The Baltimore Ravens add to physicality, future offensive weaponry in the 2020 NFL Draft:
In a draft that will be remembered largely for introducing technology to the selection process and whatever the hell was going on at Mike Vrabel’s house, the Baltimore Ravens solidified their defensive front seven and injected talent into the offense.
But no dominant edge rusher. And no established “X” receiver.
Let’s take a look at some initial thoughts on how the draft played out for the Ravens, and how it will translate to where it’s actually important — the field.
• The Ravens were able to keep the proverbial dam from imploding last season with their inside linebacker position group by adding on Josh Bynes and L.J. Fort, but the front seven got exposed in their playoff loss to the Tennessee Titans. Patrick Queen and Malik Harrison could very-well be the long-term answer to that position, and they will most likely make their presence felt strongly as rookies.
• The Ravens added to the strength of that front seven through free agency with major additions in Calais Campbell and Derek Wolfe. That did not stop them from adding Justin Madubuike and Broderick Washington to the equation through the draft. The draft is all about projection, so there is no crystal ball to tell us how it will turn out for these picks, but this front seven is formidable.
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• Oh, yeah. The Ravens have arguably the best defensive backfield on the planet.
• So, the question mark on defense — literally, the only question mark one could possibly have now with this defense — is the pass rush. It was surprising to me that the Ravens didn’t at least take a flier on a Josh Uche or Bradlee Anae, but my guess is the Ravens brass just wasn’t impressed.
• Consider this, however: The Ravens could line up in obvious passing situations with a four-man front of a combination of Jaylon Ferguson, Tyus Bowser, Wolfe, Madubuike, Washington, Campbell and Matt Judon. That is a foursome that should generate far superior push than any four-man front the Ravens offered last year. Defensive Coordinator Don Martindale could then rush with Queen or Harrison, or Tavon Young or Chuck Clark or any cornerback combination. Could they still, sign a Clay Matthews or old friend Pernell McPhee? Absolutely. But they can chase some quarterbacks with this group.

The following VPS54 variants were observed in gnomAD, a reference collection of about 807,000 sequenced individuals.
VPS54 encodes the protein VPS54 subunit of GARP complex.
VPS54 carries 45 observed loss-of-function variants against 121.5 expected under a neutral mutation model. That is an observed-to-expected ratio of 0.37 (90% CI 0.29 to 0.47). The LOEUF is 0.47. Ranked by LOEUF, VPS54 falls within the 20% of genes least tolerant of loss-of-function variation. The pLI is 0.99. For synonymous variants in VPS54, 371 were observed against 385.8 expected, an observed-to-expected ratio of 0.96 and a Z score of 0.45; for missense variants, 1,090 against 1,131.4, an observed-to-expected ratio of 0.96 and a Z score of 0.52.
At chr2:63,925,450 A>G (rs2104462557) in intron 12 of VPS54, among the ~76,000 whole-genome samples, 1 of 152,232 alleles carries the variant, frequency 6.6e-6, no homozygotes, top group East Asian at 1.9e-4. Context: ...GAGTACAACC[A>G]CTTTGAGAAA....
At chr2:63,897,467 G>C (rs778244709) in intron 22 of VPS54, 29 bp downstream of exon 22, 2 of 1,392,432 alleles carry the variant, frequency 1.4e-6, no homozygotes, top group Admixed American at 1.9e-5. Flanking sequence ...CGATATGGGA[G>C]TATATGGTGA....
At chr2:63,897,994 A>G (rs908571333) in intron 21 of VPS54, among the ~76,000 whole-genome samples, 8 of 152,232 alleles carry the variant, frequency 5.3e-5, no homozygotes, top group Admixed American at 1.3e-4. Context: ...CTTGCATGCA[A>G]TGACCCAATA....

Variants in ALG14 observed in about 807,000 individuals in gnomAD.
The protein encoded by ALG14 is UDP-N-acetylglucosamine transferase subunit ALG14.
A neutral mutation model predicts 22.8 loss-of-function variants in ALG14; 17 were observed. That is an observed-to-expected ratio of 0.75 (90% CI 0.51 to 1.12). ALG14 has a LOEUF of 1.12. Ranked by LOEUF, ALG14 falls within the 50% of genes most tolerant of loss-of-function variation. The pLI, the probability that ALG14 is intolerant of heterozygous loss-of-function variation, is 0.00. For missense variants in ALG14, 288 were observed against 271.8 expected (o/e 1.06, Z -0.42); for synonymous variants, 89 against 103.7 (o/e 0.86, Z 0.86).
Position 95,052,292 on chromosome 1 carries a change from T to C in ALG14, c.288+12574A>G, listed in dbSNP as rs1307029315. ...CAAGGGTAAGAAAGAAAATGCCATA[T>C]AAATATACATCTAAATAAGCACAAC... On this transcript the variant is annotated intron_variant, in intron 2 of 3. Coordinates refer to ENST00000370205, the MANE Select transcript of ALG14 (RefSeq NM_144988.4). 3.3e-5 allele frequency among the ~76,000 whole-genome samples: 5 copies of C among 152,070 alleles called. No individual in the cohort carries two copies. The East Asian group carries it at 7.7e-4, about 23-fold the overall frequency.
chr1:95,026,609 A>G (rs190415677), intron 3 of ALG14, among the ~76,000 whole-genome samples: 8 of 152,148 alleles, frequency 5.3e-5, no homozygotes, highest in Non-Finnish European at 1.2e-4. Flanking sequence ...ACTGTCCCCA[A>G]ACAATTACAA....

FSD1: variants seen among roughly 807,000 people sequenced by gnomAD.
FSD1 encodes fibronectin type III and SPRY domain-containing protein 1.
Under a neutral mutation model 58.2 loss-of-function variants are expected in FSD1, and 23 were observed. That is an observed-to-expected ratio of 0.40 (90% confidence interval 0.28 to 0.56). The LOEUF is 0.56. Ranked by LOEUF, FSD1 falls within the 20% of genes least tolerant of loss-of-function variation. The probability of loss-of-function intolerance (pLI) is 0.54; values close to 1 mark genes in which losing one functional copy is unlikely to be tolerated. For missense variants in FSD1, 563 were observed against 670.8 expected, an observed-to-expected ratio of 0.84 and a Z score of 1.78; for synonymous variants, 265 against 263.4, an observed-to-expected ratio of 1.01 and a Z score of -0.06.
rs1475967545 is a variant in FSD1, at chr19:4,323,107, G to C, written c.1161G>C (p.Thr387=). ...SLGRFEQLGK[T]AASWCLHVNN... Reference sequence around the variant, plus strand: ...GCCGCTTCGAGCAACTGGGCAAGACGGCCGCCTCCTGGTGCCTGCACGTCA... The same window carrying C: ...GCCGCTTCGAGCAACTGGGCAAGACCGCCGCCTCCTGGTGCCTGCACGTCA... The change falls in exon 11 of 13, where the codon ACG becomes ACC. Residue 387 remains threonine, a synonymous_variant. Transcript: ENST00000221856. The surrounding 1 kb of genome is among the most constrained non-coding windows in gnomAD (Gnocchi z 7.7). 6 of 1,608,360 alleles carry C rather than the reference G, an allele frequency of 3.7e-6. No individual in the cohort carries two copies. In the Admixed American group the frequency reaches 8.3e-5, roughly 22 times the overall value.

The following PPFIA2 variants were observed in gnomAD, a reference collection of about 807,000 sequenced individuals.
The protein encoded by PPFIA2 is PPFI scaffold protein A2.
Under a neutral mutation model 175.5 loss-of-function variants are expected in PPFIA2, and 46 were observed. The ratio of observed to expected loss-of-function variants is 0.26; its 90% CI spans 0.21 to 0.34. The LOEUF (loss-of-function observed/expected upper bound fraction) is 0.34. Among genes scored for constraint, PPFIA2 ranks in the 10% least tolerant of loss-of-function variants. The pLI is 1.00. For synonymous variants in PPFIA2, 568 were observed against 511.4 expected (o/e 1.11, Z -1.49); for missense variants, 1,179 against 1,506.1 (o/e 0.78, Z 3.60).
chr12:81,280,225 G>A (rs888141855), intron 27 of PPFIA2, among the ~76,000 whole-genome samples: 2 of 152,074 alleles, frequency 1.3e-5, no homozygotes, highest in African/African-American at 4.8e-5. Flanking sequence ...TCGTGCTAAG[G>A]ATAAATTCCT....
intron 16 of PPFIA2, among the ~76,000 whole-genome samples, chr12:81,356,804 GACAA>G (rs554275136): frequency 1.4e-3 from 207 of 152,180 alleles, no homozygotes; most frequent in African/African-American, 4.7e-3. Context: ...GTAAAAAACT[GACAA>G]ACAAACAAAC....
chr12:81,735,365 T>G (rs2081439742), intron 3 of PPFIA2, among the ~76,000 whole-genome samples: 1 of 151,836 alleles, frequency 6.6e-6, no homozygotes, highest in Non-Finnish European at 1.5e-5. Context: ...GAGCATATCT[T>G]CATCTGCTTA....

• I had visions of Jerry Jeudy. There was a moment I allowed myself to dream of a trade for CeeDee Lamb. I had hopes of Brandon Aiyuk and Jalen Reagor, and maybe most of all, I really wanted Michael Pittman to fall into the purple and black, Didn’t happen. That leaves the Ravens with basically Marquise Brown, Miles Boykin, Willie Snead, and rookie newcomers Devin Duvernay and James Proche. It doesn’t exactly keep opposing coordinators up at night.
• That being said, the Ravens are a run-heavy team that won’t utilize a lot of receivers on any given play unless everything went bad and they fall way behind. Lamar dropping back on third down with Brown, Duvernay and Boykin/Snead, along with tight end Mark Andrews and Justice Hill or rookie J.K. Dobbins in the backfield isn’t the end of the world. There are targets there, and it wouldn’t be surprising to see sticky-handed rookie James Proche get significant snaps as the season progresses.
• What the Ravens do better than any team in the world is run the ball, and they should be even better next season. Dobbins adds a lot of juice to the running back room and Hill’s progression last year offers some optimism for his future growth. Mark Ingram was a borderline elite back last year before his injury, but he is getting a little older, and Gus Edwards is under contract for one more season. The team is loaded at back going forward.
• All three interior line positions could be up for grabs this coming season. Rookies Tyre Phillips and Ben Bredeson will join Bradley Bozeman, Matt Skura, Ben Powers, Patrick Mekari, and R.J. Prince begin the competition… now.
• Your 2020 Baltimore Ravens are loaded. Let’s hope there’s a 2020 season to watch them play.